I first met Alan Dawley when I joined Historians Against the War. He was from the beginning a calm, friendly welcoming presence. He had wonderful qualities of leadership – which reflected his commitment, his openness to different approaches, his steady sense of where we needed to go and of how (sometimes cantankerous) people could work together.
Alan was never predictable. You could not necessarily tell where he would land on a given issue. What you could count on was his thoughtfulness, his willingness to engage in serious debate, to ask good questions and to be generous in his responses.
I’m grateful that I had the opportunity to know Alan Dawley. Our historians’ events were always more interesting and fun because of his warmth and enthusiasm. His absence is keenly felt, but his good spirit and energy will always be with us.
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I met Alan Dawley through his work for Historians Against the War. He seemed always to be a voice of reason, and of compassion. I didn't know him well, but I will always remember him as a strong and eloquent opponent of war and imperialism, and a person who really got things done. I will miss his voice in HAW.
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I read Alan’s book about local labor politics in the 19th century. The general idea was that the sheriff’s department intervened to break strikes, so the first office for which local labor parties contested was typically that of sheriff.
I actually met Alan in the early 1980s at a gigantic demonstration in New York City against intervention in Central America or nuclear war or whatever was the current manifestation of United States imperialism. We simply came across one another in Columbus Circle and exchanged smiles and hugs.
More than twenty years later, in Spring 2003, I showed up in Memphis to take part in a panel on the 1960s at the Dr. King Museum at the annual meeting of the Organization of American Historians. It was the first such gathering I had attended in thirty-five years. I noticed that there was to be a meeting of something called Historians Against the War, which had been formed at an AHA meeting two or three months before. I attended, sat at the back, and said nothing. It was Alan who noticed me and invited me to say a few words commenting on whatever issue the meeting was trying to decide.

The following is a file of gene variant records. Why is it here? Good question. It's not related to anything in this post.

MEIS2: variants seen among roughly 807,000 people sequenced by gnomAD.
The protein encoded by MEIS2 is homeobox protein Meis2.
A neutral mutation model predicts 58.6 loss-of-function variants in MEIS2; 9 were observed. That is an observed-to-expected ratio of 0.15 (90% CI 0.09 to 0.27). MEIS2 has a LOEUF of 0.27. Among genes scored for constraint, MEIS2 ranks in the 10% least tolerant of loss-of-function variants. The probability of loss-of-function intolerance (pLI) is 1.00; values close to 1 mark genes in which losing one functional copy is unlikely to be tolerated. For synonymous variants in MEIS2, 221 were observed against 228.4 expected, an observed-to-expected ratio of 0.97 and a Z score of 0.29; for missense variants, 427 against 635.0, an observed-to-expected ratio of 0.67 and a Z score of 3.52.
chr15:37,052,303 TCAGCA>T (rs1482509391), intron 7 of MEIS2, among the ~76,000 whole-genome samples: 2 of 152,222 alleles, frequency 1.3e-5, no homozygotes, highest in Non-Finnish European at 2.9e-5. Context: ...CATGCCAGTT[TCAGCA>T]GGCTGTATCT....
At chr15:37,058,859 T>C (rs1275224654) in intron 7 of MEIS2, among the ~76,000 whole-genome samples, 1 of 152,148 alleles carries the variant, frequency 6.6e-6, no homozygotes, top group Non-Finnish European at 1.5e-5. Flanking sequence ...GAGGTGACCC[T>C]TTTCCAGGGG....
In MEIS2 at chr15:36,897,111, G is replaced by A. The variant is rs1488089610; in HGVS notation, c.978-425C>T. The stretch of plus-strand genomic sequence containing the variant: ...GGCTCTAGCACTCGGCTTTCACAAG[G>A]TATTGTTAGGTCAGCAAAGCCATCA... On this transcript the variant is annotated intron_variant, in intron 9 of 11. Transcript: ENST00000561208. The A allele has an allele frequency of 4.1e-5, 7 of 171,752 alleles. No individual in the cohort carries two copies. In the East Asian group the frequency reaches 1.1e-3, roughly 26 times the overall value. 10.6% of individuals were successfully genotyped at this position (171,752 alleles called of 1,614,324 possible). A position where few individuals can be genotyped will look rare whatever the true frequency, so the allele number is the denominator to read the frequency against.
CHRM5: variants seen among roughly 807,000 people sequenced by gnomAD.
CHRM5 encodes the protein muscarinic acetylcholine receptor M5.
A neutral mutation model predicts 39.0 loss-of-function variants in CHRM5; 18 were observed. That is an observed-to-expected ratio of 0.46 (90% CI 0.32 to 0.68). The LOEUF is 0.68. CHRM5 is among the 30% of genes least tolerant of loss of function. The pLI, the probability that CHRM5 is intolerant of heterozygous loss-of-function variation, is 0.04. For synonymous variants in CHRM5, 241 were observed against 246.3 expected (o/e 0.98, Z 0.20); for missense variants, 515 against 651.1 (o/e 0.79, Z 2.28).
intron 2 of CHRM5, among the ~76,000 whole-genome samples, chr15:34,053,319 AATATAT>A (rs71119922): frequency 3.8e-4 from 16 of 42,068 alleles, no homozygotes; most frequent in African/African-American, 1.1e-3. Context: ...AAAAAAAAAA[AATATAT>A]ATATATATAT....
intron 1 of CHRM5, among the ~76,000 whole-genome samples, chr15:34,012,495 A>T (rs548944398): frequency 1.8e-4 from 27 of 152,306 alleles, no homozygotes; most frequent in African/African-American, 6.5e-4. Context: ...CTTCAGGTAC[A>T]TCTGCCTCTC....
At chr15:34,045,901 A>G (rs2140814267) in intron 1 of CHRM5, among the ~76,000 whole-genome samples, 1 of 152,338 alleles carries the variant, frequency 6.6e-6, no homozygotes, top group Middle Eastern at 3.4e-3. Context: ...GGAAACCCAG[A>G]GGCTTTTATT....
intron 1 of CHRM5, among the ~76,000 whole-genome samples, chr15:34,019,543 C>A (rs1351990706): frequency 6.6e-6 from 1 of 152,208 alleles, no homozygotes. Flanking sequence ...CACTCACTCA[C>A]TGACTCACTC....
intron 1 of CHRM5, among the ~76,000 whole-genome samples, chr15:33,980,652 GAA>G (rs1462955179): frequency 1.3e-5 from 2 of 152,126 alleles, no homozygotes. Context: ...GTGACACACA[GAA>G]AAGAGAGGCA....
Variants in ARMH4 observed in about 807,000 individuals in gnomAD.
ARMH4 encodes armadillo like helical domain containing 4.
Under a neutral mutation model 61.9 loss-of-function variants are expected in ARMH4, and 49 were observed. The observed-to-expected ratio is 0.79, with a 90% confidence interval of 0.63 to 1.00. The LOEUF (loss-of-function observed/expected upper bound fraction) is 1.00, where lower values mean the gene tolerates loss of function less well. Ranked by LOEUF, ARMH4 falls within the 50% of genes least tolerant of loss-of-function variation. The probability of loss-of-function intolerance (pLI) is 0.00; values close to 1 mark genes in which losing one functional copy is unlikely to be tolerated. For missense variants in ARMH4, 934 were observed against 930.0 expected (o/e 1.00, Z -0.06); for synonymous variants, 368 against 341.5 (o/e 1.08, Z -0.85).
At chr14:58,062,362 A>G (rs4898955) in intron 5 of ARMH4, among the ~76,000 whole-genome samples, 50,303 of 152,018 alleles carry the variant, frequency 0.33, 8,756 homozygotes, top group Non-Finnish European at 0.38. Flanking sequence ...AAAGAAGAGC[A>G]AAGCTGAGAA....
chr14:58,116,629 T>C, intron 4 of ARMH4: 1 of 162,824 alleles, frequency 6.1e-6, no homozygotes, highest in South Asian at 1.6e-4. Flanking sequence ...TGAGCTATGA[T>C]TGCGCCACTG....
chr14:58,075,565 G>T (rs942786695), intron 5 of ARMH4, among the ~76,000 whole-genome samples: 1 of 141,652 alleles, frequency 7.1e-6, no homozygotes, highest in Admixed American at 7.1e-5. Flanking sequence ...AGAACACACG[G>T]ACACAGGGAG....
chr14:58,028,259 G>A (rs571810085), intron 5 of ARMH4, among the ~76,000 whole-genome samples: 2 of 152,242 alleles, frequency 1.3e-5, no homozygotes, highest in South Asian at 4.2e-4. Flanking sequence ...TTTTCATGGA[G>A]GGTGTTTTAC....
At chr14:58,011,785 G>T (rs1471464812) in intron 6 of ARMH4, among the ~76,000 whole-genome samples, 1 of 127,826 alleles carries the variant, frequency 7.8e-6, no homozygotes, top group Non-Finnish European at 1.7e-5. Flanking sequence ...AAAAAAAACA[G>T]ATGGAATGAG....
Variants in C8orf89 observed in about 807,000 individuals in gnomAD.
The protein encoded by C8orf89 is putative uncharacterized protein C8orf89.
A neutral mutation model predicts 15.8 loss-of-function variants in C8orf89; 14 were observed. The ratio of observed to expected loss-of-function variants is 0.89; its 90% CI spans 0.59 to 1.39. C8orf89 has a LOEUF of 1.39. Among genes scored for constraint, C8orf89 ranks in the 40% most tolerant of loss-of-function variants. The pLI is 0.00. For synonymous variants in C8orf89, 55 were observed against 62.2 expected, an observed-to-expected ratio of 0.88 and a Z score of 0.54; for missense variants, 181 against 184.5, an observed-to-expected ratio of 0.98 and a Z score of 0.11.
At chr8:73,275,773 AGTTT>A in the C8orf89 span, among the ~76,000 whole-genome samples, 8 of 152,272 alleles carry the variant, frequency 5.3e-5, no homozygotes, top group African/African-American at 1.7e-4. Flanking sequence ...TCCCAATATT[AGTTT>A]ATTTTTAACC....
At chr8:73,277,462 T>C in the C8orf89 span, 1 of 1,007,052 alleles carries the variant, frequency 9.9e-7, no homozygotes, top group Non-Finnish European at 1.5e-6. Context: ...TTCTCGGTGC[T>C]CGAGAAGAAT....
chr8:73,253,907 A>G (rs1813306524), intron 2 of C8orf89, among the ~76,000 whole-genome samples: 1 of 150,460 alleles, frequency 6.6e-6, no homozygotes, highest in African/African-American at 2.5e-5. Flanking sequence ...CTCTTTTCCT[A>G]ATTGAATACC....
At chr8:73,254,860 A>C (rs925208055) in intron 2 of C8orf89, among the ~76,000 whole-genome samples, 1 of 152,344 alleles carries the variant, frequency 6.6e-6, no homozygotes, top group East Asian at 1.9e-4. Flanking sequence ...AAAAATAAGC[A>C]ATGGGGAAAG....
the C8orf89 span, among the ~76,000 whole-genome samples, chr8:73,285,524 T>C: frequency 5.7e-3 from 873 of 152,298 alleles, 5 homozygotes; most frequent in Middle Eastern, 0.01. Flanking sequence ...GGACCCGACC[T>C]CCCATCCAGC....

At some point Alan, his wife, and their children stopped off at the Lynds in Niles, Ohio when the Dawleys were driving East from Oberlin where their sons were students.
I also remember riding on the MTA with Alan and Jesse Lemisch during a later OAH meeting in Boston. Jesse was into it with HAW leadership and Alan and I were trying to mediate.
Yes, as all others have said, a sharp mind but above all a benign presence have left us.
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I met Alan only once, when he generously agreed to present a paper for a panel I organized on “Popular Opposition to War and Empire” in the Wilson Era for the 2006 meeting of the Society for Historians of American Foreign Relations. But Alan subsequently recruited me for the Steering Committee of HAW, perhaps because—as a scholar of social movements-- he realized that they need to grow and change in order to survive. As I immersed myself in HAW work, Alan became something of a role model for me: passionate in his convictions but always accepting of different viewpoints and grateful for whatever work people had done on behalf of the antiwar movement. HAW is currently going through some growing pains, but I’m confident that Alan’s vision and spirit will continue to guide us in the days ahead.
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More than anyone else I’ve known in Historians Against the War, Alan joined the two worlds of the academic historical profession and political activism. He was tremendously respected in both spheres. Alan was the planner and organizer of HAW’s successful effort to get the American Historical Association to abandon long a century-old precedent and oppose a war in which the United States was currently engaged. When Alan’s carefully drafted resolution won overwhelming approval at the AHA business meeting in January 2007, the AHA Executive Council called a membership referendum. Alan took the lead in lining up many of the profession’s best-known figures in calling for a Yes vote. Ratification by more than three-quarters of the AHA members who voted was to a great extent a tribute to Alan’s patience and hard work.
On a personal level, I miss Alan a lot. We knew each other as fellow radical historians long before there was an Iraq war to oppose. Having more contact with him was a cherished side-benefit of being active in HAW. It’s still hard to believe that he won’t be there at the next meeting, the next conference, the next demonstration. Ouch!
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I met Alan after joining Historians against the War. I am so glad I had the chance to know and work with him. I remember Alan as a very warm, supportive, and committed person. He was such an asset to the group, someone I, and others, respected and could count on. I remember that when we had problems writing up text or the resolution, someone would say, let’s ask Alan, he will know what to do.
I am so sad and sorry that he is not still with us. I miss him, and our annual meeting will not be the same without him.